SAN ANTONIO, TEXAS, SUNDAY MORNING, JUNE 24, 1945
8,000 MoreFoe Troops
By Associated Prea»
GUAM, June 24. — The downing of 59 Japanese suicide planes in 48 hours at Okinawa and the slaughter on the ground of 8,000 more enemy troops, raising total
Japanese casualties to 105,496, were announced today by fleet headquarters. The enemy's mass surrenders soared the prisoner total to 6,932.
Army and marine fighters, warship and shore guns bagged the enemy planes—35 were downed in three hours—during a series of strong raids begun Thursday, the day Okinawa was declared secured, and which continued up to midnight Friday.
Mustangs Get 69
Sixty-nine more enemy planes were destroyed or damaged by P-51 Mustang fighters from Iwo which struck two enemy air-
Bombing Nazis Got
By Associated Press
OKINAWA, June 20 (Delayed).—
General H. H. Arnold, five-star chief of the U.S. Army Airforces. predicted today Japanwould have little industryleft by fall, and added primly:"What Germany saw (in the way of air war) is only an amateurish effort compared to what Japan is going to get.
fields north of Tokyo Saturday.
Three Mustangs were lost. Enemy planes in the formations attacking Okinawa Thursday and Friday included high quality pilots flying new type fighters and twin-engined Betty bombers.
Tokyo radio broadcast elaborate claims of more than. 20 American ships sunk or damaged, including two battleships, but Admiral Chester W. Nimitz made no additions to the previous acknowledgement of two light naval units sunk, an auxililary and two other ships damaged Thursday night.
Tactics More Skillful
The air battles of intercepting marine Corsairs and army Thunderbolts with the raiding "first team" reached its height Friday morning. One Zeke fighter was rammed and knocked out by a marine Corsair pilot who had exhausted his ammunition. The marine flyer bailed out and was rescued from the water.
Japs FacingGravest Crisis, /
By Associated Press
SAN FRANCISCO, June 23.—
Japan's new voluntary military service act was announced to the empire Saturday'-with a message from Emperor Hirohito stating Nippon's "present crisis is unprecedented in scope in her national history."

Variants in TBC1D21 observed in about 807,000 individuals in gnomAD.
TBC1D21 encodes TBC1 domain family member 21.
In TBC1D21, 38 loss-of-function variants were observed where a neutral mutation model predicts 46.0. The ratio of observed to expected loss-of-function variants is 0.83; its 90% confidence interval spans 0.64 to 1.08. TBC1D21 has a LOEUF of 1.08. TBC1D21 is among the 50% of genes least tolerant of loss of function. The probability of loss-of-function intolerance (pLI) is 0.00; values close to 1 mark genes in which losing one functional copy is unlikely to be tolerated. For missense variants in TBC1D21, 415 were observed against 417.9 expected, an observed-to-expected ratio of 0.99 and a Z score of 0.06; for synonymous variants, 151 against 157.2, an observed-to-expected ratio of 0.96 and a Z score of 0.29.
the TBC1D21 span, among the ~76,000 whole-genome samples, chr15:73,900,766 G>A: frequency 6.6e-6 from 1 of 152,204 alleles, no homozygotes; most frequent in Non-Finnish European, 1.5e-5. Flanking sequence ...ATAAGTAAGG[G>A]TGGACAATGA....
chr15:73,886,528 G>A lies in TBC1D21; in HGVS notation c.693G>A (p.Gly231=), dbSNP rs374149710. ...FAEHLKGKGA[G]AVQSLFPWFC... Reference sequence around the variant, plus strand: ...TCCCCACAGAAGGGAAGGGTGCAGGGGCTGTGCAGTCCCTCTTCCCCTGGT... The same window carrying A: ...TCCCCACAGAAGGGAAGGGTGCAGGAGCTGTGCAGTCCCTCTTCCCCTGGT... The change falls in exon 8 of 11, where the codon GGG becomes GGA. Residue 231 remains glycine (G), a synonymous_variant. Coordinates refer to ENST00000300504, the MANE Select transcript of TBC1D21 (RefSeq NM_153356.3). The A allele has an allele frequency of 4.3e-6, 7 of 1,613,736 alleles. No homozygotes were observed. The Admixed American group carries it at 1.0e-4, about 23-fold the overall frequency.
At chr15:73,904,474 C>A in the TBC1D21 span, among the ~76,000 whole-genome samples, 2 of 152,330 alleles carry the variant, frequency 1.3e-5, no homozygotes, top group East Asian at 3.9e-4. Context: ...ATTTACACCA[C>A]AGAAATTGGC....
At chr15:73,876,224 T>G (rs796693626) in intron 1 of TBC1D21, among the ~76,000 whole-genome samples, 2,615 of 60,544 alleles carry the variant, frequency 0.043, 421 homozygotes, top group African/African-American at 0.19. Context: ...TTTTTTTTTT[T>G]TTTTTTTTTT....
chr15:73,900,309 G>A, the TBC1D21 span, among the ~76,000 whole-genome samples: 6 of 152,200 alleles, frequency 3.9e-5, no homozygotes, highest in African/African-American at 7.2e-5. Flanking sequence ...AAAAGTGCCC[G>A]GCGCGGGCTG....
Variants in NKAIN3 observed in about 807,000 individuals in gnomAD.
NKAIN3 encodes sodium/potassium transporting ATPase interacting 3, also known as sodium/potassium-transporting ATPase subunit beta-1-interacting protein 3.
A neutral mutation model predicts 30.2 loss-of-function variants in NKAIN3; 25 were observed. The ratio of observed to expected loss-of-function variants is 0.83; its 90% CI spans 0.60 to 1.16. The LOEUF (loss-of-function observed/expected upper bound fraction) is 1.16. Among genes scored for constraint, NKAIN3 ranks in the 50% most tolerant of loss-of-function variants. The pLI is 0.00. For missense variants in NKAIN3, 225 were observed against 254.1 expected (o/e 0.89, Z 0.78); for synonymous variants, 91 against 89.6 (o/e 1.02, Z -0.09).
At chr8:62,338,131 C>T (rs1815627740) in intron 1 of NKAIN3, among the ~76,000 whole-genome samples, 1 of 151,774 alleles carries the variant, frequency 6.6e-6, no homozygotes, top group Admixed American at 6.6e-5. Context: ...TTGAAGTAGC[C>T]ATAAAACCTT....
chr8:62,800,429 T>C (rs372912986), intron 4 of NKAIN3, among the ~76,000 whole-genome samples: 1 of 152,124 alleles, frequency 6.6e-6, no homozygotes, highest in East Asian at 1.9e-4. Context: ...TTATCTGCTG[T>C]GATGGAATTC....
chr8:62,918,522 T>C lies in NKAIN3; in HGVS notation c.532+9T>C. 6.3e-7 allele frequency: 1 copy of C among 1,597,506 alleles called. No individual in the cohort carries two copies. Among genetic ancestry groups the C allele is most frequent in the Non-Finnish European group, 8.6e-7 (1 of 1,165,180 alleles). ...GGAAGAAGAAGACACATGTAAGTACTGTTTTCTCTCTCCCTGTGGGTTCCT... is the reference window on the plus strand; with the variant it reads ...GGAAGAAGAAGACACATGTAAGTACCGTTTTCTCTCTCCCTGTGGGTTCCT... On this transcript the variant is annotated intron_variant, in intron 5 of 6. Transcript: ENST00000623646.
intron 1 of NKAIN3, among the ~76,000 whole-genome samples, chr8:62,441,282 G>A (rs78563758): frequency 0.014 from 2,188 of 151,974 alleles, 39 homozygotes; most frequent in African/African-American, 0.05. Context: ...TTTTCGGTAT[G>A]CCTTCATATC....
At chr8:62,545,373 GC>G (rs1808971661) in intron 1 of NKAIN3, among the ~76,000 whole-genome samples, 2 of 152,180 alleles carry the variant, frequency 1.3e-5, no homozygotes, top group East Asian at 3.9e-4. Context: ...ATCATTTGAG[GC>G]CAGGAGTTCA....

Domei agency, in broadcasts heard by the F.C.C., said the emperor expressed satisfaction at the valor and courage of the Japanese people, and war Minister
Korechika Anami declared that the service act, recently passed by the diet, "laid the foundation for sure victory."
The act, which became effective Friday, established a people's volunteer corps combat force to protect Japan in case of invasion.
Arms Move lauded
It will enable the Nipponese to "take up arms under the direct command of his imperial majesty and to participate in operations at their places of living or working," said Anami. He called the act the "greatest step in Japanese military history since the adoption of universal military conscription in 1873.
While an emergency grant of power by the diet to Premier Kantaro Suzuki to permit his government to rule by decree became effective Saturday, there already is speculation in Tokyo that Emperor Hirohito might take supreme command in the nation's crisis.
IN THE PACIFIC
JAPAN — Suzuki government assumes dictatorial power to meet powerful U.S. air, sea and land blows against Japanese mainland.
Borneo----Aussies seize Seria oil fields without opposition, as Jap resistance ends on Tarakan, rich oil island, off East Borneo coast. PHILIPPINES — Cagayan Valley campaign nears end as U.S. Army and guerrilla forces near junction..
OKINAWA—Tanks shoot down 59 Japanese planes—35 in three hours—during 48-hour period in Okinawa area.